“Well, this is something I’ve wanted to do since I was a youngster,” Alcaraz stated during the award presentation. “It’s something I worked so hard for.” It’s difficult to speak right now. A lot of feelings.”
Is the torch being passed?
For several years, as one by one of tennis’ Big Three – Federer, Nadal, and Djokovic – reached their 30s, the moment when the NexGen players would take their place in the spotlight became closer. In any sport, the dramatic “changing of the guard” moment is unavoidable.
Federer, the eldest of the Big Three at 41 years old, believes the time has come. Federer missed the Wimbledon Championships last year due to a knee ailment, and many anticipated he would be able to compete again this year. But time does not wait for anyone. Federer’s age finally caught up with him, he claimed in an 845-word statement shared on social media announcing his retirement.
Nadal, 36, and Djokovic, 35, are both likely to have a few more years in them. However, Nadal’s body is displaying symptoms of wear and tear, while Djokovic is experiencing an existential crisis due to his lack of vaccinations. He missed two Grand Slam events and the majority of the season as a result, and his ranking has dropped as a result.
Alcaraz’s Ascension to the Top
To be fair, the emergence of an heir apparent has taken longer than most expected. The Big Three, particularly Nadal and Djokovic in recent years, appear unwilling to cede their grasp on the game’s most cherished prizes, particularly the Grand Slams.
They appear to be unreasonably resistant to the passage of time and aging, defying logic and reason. For example, Nadal won the first two Grand Slam championships of the year (the Australian Open and the French Open), and Djokovic won at the All England Club – all while being on the wrong side of 35.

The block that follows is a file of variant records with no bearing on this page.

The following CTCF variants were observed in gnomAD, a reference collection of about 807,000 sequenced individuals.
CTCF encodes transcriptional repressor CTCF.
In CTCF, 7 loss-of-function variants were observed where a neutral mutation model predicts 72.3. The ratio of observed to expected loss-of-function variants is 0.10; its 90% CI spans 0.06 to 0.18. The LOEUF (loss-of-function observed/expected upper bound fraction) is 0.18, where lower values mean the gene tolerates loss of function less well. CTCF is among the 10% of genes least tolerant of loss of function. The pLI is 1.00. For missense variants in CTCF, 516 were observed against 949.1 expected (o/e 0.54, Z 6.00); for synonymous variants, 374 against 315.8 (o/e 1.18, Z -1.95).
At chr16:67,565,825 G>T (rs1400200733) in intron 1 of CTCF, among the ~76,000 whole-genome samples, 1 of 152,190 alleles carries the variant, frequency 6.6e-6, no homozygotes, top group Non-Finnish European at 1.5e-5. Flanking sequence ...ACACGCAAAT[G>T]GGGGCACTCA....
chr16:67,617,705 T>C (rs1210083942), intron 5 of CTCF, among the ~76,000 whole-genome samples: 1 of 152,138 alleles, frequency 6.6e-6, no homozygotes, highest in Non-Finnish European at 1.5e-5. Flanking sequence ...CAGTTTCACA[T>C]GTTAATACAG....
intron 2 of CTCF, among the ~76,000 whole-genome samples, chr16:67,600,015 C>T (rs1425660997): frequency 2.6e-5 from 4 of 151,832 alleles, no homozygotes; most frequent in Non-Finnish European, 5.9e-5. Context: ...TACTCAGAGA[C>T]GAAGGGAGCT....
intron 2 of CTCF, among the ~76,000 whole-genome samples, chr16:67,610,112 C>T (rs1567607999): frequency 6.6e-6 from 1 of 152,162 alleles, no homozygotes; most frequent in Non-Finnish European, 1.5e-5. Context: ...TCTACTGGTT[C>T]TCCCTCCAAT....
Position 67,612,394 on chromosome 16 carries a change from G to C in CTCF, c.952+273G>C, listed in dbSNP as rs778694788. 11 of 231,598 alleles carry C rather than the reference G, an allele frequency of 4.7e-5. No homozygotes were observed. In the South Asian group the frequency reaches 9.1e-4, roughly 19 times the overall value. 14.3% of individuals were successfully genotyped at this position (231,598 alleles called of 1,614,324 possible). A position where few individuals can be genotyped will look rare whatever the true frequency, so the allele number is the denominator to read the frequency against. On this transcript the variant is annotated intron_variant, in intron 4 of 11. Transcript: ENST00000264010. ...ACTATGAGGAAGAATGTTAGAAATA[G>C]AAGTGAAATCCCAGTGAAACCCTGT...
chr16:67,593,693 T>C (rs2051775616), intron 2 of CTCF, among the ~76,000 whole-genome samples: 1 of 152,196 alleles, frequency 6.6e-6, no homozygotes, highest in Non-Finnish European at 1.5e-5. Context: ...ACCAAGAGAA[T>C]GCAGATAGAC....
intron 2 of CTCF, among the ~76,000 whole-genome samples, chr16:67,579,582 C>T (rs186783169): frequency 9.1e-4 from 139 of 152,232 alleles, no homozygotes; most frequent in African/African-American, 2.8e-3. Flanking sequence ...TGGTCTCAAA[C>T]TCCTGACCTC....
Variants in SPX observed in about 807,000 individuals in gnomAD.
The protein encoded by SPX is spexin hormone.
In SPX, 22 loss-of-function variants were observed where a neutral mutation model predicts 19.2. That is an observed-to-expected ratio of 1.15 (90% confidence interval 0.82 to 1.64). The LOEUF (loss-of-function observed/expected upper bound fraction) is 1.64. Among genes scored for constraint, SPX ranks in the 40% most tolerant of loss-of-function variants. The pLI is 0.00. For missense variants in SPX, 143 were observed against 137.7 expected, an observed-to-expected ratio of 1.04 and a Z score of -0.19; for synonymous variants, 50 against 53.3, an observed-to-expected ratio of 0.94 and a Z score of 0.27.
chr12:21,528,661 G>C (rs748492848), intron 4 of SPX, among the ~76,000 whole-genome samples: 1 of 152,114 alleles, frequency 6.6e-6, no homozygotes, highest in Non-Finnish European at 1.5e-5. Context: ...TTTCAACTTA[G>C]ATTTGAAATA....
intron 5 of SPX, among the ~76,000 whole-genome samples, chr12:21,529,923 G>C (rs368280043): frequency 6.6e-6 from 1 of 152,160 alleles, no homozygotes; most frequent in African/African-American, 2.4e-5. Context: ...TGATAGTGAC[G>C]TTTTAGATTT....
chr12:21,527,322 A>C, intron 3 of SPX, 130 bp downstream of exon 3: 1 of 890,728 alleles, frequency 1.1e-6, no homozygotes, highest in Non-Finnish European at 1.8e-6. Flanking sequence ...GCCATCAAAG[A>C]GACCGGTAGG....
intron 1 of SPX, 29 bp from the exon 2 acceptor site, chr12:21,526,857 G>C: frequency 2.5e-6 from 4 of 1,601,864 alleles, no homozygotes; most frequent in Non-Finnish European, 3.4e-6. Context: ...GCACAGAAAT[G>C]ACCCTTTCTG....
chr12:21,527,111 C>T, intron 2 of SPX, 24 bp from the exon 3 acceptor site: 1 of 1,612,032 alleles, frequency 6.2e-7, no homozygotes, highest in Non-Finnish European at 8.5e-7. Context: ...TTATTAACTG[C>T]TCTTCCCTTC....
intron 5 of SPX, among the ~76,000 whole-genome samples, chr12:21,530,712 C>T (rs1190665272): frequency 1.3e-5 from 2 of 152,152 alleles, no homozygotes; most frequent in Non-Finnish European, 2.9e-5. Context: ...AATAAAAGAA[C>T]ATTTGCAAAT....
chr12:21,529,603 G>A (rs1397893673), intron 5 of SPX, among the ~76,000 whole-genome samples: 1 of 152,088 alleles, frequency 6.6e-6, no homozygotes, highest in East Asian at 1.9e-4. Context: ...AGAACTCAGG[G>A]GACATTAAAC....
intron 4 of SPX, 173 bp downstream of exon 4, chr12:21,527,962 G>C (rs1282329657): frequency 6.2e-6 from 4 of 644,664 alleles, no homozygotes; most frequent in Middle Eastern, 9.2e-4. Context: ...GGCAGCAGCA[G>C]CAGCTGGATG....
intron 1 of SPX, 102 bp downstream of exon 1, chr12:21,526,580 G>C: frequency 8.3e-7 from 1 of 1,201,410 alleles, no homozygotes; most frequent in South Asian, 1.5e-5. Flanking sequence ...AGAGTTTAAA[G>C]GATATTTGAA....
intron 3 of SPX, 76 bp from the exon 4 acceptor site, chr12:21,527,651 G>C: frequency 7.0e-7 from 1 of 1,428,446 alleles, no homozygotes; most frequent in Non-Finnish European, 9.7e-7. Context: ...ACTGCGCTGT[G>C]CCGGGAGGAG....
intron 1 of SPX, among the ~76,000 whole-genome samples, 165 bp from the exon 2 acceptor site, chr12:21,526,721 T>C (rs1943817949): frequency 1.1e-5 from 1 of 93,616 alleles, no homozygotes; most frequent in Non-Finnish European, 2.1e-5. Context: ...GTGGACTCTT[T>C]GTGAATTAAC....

Djokovic’s absence (unvaccinated) from the event, as well as Nadal’s injury, which led to his premature death in the R16, prepared the path for Alcaraz to take this life-changing opportunity. But it would be dishonest, not to mention deceptive, to suggest he couldn’t have done it when both were competing in the event. After all, Alcaraz defeated Nadal and Djokovic to win the Madrid Open earlier this year.
Experts have predicted Alcaraz’s grandeur since he first appeared on the scene. He was frequently compared to his compatriot Rafael Nadal, despite the fact that his game bears no resemblance to that of his 36-year-old countryman.
He does compare himself psychologically. His persistence and never-say-die attitude rivals Nadal’s. His incredible fitness and powerful groundstrokes are also impressive. Most importantly, he equals Nadal in the record books by becoming the youngest man to win a major title since Nadal accomplished the feat in 2005, when he won the French Open at the age of 19.
Alcaraz’s first major breakthrough came in the quarterfinals of the 2021 US Open. So it’s only right that Arthur Ashe Stadium would be the site of his first victory exactly a year later.
Ruud put it best after losing to Alcaraz. The Norwegian and recently minted world No. 2 lavished admiration on the 19-year-old, generously reiterating what everyone else is saying about him.
“He’s one of those unique talents that pops up in athletics every now and again.” “That’s what it appears to be,” Ruud remarked of Alcaraz’s victory. “We’ll have to wait and watch how his career grows, but it’s all heading in the right path.”
Is Alcaraz the clear heir apparent to carry the flame after Federer, Nadal, and Djokovic retire? Maybe. But, with only one of the Big Three retiring, it’s too soon to pass the baton.